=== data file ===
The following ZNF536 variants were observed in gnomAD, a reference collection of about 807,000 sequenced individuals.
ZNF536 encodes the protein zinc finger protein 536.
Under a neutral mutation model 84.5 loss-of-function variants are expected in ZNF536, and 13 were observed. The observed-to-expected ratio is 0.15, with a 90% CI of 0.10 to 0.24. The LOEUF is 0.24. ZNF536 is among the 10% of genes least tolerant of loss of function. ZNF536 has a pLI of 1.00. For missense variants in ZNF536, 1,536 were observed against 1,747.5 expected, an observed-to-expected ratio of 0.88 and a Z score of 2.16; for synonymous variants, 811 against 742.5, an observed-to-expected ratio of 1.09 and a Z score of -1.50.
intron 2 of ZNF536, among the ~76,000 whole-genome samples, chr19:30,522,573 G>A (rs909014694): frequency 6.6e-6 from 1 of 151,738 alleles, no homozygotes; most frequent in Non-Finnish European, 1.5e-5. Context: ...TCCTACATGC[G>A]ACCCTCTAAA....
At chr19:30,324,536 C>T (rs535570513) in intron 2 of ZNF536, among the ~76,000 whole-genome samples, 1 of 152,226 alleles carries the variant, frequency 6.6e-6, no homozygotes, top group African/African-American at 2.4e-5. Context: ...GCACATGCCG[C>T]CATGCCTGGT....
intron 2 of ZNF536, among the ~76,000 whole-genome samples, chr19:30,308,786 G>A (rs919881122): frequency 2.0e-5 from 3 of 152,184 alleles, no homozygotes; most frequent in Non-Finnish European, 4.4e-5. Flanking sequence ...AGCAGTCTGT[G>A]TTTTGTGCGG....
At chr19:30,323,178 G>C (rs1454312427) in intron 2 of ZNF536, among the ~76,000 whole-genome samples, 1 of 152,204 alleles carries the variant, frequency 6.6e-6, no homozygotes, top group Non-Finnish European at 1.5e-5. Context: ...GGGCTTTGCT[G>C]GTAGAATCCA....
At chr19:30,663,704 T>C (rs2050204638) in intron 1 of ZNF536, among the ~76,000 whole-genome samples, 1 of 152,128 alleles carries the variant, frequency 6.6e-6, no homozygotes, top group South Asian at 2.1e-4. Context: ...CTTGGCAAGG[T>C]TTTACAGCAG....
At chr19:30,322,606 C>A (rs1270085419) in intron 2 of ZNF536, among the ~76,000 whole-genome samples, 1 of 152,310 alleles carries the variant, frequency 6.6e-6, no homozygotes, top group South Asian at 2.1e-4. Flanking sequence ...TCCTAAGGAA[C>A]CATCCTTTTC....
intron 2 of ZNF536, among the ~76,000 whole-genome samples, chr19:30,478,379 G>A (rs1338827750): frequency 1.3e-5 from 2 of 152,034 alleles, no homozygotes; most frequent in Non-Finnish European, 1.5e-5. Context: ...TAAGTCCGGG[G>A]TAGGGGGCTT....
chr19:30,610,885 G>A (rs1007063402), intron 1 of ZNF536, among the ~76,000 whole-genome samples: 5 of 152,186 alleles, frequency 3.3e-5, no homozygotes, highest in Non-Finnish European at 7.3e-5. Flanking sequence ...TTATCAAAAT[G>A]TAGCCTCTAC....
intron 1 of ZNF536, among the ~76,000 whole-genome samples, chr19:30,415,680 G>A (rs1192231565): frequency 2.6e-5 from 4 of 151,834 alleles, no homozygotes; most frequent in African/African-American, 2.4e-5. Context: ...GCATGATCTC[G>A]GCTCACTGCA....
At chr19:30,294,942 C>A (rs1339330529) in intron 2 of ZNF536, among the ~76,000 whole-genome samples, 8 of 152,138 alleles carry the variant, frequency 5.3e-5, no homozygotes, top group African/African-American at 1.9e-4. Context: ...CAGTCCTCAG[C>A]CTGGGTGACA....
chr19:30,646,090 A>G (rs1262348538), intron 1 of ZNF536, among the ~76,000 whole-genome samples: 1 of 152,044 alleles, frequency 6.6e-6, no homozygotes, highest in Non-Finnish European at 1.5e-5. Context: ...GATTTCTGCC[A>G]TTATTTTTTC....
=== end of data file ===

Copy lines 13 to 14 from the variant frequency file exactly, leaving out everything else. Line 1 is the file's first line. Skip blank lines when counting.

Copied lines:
At chr19:30,294,942 C>A (rs1339330529) in intron 2 of ZNF536, among the ~76,000 whole-genome samples, 8 of 152,138 alleles carry the variant, frequency 5.3e-5, no homozygotes, top group African/African-American at 1.9e-4. Context: ...CAGTCCTCAG[C>A]CTGGGTGACA....
chr19:30,646,090 A>G (rs1262348538), intron 1 of ZNF536, among the ~76,000 whole-genome samples: 1 of 152,044 alleles, frequency 6.6e-6, no homozygotes, highest in Non-Finnish European at 1.5e-5. Context: ...GATTTCTGCC[A>G]TTATTTTTTC....